There are times when ennui leads one to do something out-of-the-blue. For example, a bored cat may decide that you need a weekly offering of half-dead prey into your life for the simple reason that it has no other cat things to do. Back in Roman times, Caligula may have been bored by the irksome rabble of the senate which led him to elect Incitatus, his darling steed, as consul. A spur of the moment decision which bothered the neighbourhood, and a truly effective effort to push the senators off their high horses.
Sometimes, habitual and listless repetition of work inspire these instantaneous and spontaneous acts of abandon. In most cases, to an extent that some do things that are completely alien from their assigned tasks. That’s what the janitor of the University of Strathclyde did. The menial tasks of cleaning corridors and classrooms were just too boring. There were other areas that needed immediate remedy. Especially the ice age theory of climate change. And so this janitor cleaned up the mess by adding strength to the theory using astronomy and mathematics that he had just picked up by himself. His name was James Croll (1821-1890).
Janet Ellis, the wife of stonemason David Croil, just gave birth to a baby boy. It was just a day after the small Scottish hamlet of Little Whitefield celebrated new year. Perhaps the sound of celebration and merriment urged the curious foetus to peek out of the womb but then inevitably triggered a series of labour pangs that became uncontrollable. In any case, James Croll was born in 1821 January 2.
Life was hard for the family. So were the rocks that David struck, which yielded little profits despite the heavy hits. As a result, they chiefly relied on whatever bounty their small homestead blessed them with. Which was not much. Meager, but not to the point of destitution. Thus, Croll and his other siblings couldn’t enjoy full formal education. Time spent inside the classroom was better spent tending the crops and running errands. Money spent for their education was better spent on food and shelter. But in 1932, Croll’s days of lethargic labour came to a brief interregnum when, by chance, he stumbled upon an issue of Penny Magazine – the journal of The Society for the Diffusion of Useful Knowledge. The society successfully lived up to its name.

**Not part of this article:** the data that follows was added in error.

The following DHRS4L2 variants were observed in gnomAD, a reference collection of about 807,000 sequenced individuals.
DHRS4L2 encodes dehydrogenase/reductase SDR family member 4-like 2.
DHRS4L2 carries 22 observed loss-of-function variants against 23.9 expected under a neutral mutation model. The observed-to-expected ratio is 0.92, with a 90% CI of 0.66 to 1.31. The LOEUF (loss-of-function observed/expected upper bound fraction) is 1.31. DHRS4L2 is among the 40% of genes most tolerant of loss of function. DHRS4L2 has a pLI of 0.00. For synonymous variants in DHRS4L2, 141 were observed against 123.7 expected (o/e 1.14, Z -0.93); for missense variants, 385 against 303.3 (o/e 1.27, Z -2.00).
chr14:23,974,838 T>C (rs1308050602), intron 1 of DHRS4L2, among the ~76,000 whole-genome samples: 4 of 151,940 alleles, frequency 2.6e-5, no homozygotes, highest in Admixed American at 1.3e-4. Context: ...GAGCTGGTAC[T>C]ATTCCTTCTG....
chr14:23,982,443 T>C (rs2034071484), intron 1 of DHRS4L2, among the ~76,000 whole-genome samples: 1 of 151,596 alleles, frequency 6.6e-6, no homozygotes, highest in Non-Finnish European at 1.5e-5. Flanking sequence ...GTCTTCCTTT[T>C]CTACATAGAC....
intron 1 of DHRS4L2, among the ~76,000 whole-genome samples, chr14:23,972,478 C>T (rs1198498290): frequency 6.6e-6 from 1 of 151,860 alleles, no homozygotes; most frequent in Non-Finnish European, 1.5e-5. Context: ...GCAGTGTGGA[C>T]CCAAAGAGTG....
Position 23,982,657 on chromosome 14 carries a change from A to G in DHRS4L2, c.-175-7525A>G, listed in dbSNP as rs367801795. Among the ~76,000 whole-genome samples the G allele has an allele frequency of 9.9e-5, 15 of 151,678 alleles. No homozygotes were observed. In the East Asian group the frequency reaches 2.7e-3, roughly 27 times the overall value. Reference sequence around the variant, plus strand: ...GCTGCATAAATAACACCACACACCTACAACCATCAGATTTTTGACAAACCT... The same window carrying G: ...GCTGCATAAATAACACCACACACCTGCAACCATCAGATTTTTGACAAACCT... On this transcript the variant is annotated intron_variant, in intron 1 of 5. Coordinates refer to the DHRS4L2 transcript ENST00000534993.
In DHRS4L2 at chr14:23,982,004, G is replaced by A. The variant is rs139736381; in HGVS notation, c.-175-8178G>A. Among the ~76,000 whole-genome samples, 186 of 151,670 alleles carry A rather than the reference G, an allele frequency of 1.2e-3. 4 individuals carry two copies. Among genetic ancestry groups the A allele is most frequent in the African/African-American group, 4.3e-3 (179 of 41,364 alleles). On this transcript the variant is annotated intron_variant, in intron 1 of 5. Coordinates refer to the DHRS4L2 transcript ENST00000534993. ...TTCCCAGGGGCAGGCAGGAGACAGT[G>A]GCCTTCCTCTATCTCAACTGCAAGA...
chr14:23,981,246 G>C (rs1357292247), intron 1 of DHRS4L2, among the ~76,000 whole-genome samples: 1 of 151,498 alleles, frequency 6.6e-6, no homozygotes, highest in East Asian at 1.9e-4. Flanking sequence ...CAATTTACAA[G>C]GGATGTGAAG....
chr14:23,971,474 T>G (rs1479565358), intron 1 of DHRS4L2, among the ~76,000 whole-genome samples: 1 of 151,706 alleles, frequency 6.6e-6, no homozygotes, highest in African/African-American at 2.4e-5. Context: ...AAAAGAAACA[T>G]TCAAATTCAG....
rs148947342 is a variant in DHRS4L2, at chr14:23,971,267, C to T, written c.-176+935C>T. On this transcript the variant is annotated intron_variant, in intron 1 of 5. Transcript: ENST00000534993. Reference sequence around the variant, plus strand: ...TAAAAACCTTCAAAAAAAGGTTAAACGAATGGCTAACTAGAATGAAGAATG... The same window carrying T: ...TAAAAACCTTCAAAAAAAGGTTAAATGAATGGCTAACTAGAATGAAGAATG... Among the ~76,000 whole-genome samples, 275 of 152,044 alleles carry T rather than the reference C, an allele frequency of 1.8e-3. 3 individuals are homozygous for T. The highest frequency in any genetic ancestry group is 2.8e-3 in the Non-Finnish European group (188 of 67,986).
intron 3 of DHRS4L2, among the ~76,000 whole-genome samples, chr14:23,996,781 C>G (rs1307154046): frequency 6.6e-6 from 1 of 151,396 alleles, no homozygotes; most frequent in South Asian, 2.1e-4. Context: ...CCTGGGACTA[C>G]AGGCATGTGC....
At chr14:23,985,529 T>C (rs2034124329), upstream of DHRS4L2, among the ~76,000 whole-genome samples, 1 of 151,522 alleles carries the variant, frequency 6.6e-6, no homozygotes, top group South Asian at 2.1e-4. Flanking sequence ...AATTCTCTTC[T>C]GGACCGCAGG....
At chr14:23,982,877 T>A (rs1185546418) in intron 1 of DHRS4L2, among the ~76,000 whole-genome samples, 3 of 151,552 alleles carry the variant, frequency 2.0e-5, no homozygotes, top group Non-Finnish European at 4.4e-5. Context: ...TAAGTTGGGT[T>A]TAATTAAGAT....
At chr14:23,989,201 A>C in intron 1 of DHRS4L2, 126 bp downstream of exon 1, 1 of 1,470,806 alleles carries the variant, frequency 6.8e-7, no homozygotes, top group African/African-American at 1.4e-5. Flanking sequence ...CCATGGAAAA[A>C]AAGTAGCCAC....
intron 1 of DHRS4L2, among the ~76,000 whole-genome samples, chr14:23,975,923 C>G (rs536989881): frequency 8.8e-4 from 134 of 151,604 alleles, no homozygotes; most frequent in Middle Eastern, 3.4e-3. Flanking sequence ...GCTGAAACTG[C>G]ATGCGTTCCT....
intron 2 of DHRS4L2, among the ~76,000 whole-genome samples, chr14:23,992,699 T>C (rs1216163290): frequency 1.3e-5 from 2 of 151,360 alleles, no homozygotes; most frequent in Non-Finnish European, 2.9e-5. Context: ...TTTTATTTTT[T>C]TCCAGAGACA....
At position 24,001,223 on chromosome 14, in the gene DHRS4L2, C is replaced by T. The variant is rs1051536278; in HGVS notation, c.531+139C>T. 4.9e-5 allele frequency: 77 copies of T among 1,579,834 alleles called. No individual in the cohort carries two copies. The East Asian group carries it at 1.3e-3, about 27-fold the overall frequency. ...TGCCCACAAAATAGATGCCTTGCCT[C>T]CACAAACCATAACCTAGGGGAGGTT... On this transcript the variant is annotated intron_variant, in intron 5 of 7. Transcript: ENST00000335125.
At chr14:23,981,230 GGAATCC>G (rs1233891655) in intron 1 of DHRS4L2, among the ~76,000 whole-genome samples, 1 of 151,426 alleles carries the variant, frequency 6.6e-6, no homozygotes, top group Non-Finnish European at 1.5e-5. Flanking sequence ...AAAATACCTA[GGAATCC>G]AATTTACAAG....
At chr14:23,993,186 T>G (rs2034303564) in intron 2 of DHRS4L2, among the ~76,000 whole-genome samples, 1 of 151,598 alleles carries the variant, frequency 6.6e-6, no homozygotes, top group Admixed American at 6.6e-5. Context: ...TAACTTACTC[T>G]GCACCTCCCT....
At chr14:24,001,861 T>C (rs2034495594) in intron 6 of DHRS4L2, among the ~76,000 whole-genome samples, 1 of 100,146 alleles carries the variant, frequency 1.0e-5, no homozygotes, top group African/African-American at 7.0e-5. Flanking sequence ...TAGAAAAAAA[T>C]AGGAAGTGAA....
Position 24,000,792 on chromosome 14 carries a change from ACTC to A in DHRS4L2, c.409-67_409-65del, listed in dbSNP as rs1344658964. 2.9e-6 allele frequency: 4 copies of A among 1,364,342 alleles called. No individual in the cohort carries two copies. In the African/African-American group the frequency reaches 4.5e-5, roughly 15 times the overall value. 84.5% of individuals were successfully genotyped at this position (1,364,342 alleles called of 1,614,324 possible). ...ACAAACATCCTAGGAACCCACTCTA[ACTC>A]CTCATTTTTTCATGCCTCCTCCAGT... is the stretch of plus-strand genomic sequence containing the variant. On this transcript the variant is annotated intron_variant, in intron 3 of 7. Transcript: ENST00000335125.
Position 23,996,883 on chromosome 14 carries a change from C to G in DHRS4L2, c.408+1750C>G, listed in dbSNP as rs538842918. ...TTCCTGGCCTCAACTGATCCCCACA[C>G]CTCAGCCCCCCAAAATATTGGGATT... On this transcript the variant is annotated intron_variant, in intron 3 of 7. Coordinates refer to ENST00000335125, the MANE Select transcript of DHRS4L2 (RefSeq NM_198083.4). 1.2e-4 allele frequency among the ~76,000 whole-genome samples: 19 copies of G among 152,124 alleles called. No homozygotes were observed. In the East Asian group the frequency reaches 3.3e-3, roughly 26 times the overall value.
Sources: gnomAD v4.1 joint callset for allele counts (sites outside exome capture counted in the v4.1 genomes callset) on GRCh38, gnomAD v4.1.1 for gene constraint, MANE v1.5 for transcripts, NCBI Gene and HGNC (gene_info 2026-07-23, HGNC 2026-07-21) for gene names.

The magazine welcomed the young Croll into the world of philosophy, science, and scholarship – he has never looked back since. A lifelong interest in philosophy and science ensued, and he was adamant to follow its course. The obvious handicap of having little to no formal education was not to stop him from pursuing academics.
Only the harsh circumstances of life did.
Croll had to find other ways to help the family, since their small croft didn’t turn up much. A saga of tiresome but unrewarding events commenced: he first worked as a millwright at the age of 16; then moved on to the peculiar Victorian profession of being a house joiner; after an accident ended further activities, he tested the waters of commerce as a tea trader; when that became financially futile, he decided to open up a temperance inn; that also didn’t work out well, so he tried his luck as an insurance salesman; which ironically failed to ensure a better future for him, leading him to his next and final stop in this series of hapless happenings, the doors of Strathclyde University.
At the age of 38, Croll was hired as a university janitor. A wonderful opportunity for sanitation and self-education. Under the pretence of cleaning, he would spend hours and hours of study inside the library after all the students and personnel had gone home. He would copy data, equations, notes, and other things scribbled on classroom blackboards before he swiped them clean. Croll also acquainted himself with the intellectual giants of his time and sent them inquiries for data, correction, and critique, as well as informing them of his own thoughts. He was very well positioned in the academe, though his job wasn’t entirely complimentary.
Croll’s main scientific area of interest was in the patterns of glaciation across the earth’s history. The Swiss science superiore Jean Louis Rodolphe Agassiz, or more popularly known as Harvard’s Louis Agassiz, proposed in 1840 that a period of global glaciation happened in the earth’s past in a paper titled Études sur les glaciers (Studies on Glaciers). According to Agassiz, this ice age was so widespread and massive that it stretched from the north pole down to the Mediterranean, with large swathes of land and life (some leading to extinctions) being buried under ice in the process. Agassiz’s radical proposal explained two phenomena that geologists at that time failed to explain: 1.) the presence of large rocks, called erratic blocks, in surprising places – large drifting glaciers carried these rocks and laid them in their current positions as the ice melted; and 2.) glacial marks, or etchings left on rocks as moving glacier rubbed against it – sure, a fire can burn and leave marks, but passing blocks of large cooled objects also left distinctive scars.